[Back in February I wrote about how our house cost us $24,000 in mortgage interest & taxes alone last year. It was pretty eye-opening! But even more so were the comments of this anonymous guy telling me what it’s like to live in a mansion. I wanted to share it with you because a) it shows just how expensive home ownership can be, esp as you upgrade higher and higher! and b) it’s just kinda fascinating. At least if you’re anything like me 🙂 You’ll have to excuse the organization of it though since I had to mash-up all the comments to make it as coherent as possible. Enjoy!]
Most people have their own ideas on the housing market/pockets, and I tend to think that my neighborhood isn’t totally instep with most places. (But doesn’t everyone think they are the exception.) It is one of 3 true old money/old neighborhoods in our beloved state with the best schools and some famous denizens including your congressman, the owner of a pro team in the area, and other illustrious, “old money” folk. I’m definitely an abnormality who managed to make money in the stock market while in school.
I pay roughly $2,200 in mortgage (30 year at 4.75%) after having 500k+ in equity ($1.2 million equity at bubble), then $1,024 per month in taxes and $1,000+ in maintenance. I also pay in an extra $2,000 plus to keep PITI at 5k and it can hurt. (That’s a total payment of $6,200 a month)
The problem with having an expensive house in a mature/wealthy community is that things are expensive.
- Problem with plumbing, gotta bust through very expensive marble that you order from Italy.
- Problem with AC, got to put something high end to match the house for later buyers. (we’re talking $18k+)
- Need a window, well too bad it’s a custom sized high end Anderson at $1900.
- Need a roof, well a big/steep roof runs $25k.
- Got marble, natural stone, granite, ceramic, different grouts–well you need different cleansers and sealants that run as high as $90 per gallon.
- Got neighbors with exquisite yards–yours needs to be too unless you want to be the douchebag in the neighborhood. And weed treatment/overseeding/airration isn’t cheap if you buy your 30 bags of Scotts a year at Costco.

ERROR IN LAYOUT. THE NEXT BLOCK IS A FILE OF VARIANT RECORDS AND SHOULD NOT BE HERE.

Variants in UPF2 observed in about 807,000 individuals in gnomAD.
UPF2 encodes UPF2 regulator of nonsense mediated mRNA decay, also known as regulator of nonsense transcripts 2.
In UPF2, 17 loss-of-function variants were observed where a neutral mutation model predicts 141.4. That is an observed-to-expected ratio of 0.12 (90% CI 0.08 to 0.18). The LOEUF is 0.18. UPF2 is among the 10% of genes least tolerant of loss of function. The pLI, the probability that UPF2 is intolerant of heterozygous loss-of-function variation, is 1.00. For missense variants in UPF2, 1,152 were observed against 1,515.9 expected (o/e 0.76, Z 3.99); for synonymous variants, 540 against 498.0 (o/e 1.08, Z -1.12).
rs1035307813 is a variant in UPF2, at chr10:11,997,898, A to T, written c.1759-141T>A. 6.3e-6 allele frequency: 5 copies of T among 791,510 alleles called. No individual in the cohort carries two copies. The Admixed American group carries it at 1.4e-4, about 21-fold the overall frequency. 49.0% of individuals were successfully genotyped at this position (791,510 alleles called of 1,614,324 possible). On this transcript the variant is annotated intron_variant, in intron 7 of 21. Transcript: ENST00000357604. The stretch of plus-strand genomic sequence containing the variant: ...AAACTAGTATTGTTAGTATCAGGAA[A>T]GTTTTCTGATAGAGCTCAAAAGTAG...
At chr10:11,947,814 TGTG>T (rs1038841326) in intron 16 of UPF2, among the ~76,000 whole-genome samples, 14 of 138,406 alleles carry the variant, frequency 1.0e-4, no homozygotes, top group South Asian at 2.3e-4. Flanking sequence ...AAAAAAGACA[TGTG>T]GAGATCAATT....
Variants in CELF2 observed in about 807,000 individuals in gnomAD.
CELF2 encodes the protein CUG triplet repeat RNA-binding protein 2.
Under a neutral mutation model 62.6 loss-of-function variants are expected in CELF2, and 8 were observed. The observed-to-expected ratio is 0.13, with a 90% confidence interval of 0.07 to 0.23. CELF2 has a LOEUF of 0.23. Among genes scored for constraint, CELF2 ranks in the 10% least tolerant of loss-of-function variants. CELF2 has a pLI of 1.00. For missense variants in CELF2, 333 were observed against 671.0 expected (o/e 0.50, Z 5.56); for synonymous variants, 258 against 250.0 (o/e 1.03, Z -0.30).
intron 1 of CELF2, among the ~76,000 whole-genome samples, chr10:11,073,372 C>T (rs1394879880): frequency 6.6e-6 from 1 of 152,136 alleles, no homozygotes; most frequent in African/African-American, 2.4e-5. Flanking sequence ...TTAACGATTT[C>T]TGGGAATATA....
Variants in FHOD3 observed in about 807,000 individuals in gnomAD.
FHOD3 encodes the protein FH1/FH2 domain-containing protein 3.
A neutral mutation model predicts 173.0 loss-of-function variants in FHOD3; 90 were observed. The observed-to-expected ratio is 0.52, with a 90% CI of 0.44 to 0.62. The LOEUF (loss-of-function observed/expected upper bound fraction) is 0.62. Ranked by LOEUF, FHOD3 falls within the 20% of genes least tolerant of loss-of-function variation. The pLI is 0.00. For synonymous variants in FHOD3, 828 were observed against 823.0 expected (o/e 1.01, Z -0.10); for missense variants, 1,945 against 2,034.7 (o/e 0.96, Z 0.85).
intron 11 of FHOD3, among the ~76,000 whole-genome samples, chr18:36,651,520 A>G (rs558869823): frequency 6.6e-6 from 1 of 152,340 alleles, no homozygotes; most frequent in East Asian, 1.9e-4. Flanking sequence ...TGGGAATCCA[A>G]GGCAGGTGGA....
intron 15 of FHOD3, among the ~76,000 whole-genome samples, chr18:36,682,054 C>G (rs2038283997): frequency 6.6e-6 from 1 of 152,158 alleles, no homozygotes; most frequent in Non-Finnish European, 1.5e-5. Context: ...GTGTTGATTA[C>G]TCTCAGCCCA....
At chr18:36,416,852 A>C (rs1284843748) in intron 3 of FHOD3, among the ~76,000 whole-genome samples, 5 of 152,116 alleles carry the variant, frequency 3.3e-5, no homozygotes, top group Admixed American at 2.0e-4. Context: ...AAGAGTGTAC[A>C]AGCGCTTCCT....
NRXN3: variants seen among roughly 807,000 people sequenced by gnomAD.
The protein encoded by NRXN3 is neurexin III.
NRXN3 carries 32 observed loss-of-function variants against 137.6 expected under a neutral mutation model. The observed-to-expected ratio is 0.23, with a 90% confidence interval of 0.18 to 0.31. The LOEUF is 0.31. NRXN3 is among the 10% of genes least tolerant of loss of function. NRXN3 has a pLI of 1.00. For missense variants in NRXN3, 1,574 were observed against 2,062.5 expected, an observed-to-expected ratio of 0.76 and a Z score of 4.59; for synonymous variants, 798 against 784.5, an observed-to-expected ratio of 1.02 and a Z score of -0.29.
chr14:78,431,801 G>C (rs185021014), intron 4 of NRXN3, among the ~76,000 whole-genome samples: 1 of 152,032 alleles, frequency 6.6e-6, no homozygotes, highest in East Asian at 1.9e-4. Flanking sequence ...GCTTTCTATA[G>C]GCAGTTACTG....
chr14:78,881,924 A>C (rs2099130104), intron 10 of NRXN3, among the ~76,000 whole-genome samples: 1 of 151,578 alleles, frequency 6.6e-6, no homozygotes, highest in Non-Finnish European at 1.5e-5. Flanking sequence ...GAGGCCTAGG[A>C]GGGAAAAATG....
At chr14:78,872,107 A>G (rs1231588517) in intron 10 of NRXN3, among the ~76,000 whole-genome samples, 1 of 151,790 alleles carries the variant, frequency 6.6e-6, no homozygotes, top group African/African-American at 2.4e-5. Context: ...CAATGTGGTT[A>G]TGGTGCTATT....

- Have exotic plants, well good luck pruning exotics that cost $4000 each, especially since there is no book or internet information. You might need to call up the one person that specializes in pruning the at $120 an hour.
- Need anything new: can’t put the McMansion builder’s grade crap next to customized stuff.
- Oh and we have a Homeowner’s association because I live in a fancy gated community.
Even though my DI (Debt to Income) ratio is roughly 20%, it’s still a stress! Given the overall costs of transactions, though, I don’t think it is worth it to sell as I can afford it just fine, have some money in the bank and just enjoy living here. The DCF (Discounted Cash flow Models) are becoming more difficult to justify as I contemplate spending $18k to replace an AC system, but overall they still work IMO and I actually like the house and my lawn that I tend. Or “my little box.”
I’m not wealthy and feel outclassed by the women driving Cayanne turbos in my neighborhood. Income is roughly $220k per year, but increases come steadily. I might actually be taking a substantial pay cut just to ease the stress, and the added income seems to go to taxes and makes it impossible for me to contribute to an IRA anyways.
On the other hand, I am not a snob. I bought a 1,000k Volvo last summer. But it failed inspection so I bought something for 8,000k in cash. I dress cheaply, and have inexpensive furniture. On the other hand, I’ve bought several $1,000 bottles of wine that I remember and appreciate, but think: “if only I bought XYZ stock when I felt they were a strong buy.” I’ve also pushed all-in several times with 3/4 suited. Go figure. (Editor’s note: I’ve done this too! I think it’s the whole “adventure” part of it that’s so damn appealing) I still have student loans (small, but helps with taxes) and struggle to gain control of my budget so I find your blog inspirational and helpful, especially with a baby on the way and thoughts of starting a company.
Being in control of your money is a greater boon than having a pretty good income. I often roll my eyes when I listen to D. Ramsey, but heh, following grandmas advice is a more successful approach than 95% of the other schemes and 95% of the population. So I’m learning not to quibble over the exceptions if he’s neglecting stochastic models and various valuation methods.
And yes, I was an actual investment banker and not an employee of an investment bank. It sucked.
(Photo by andy castro)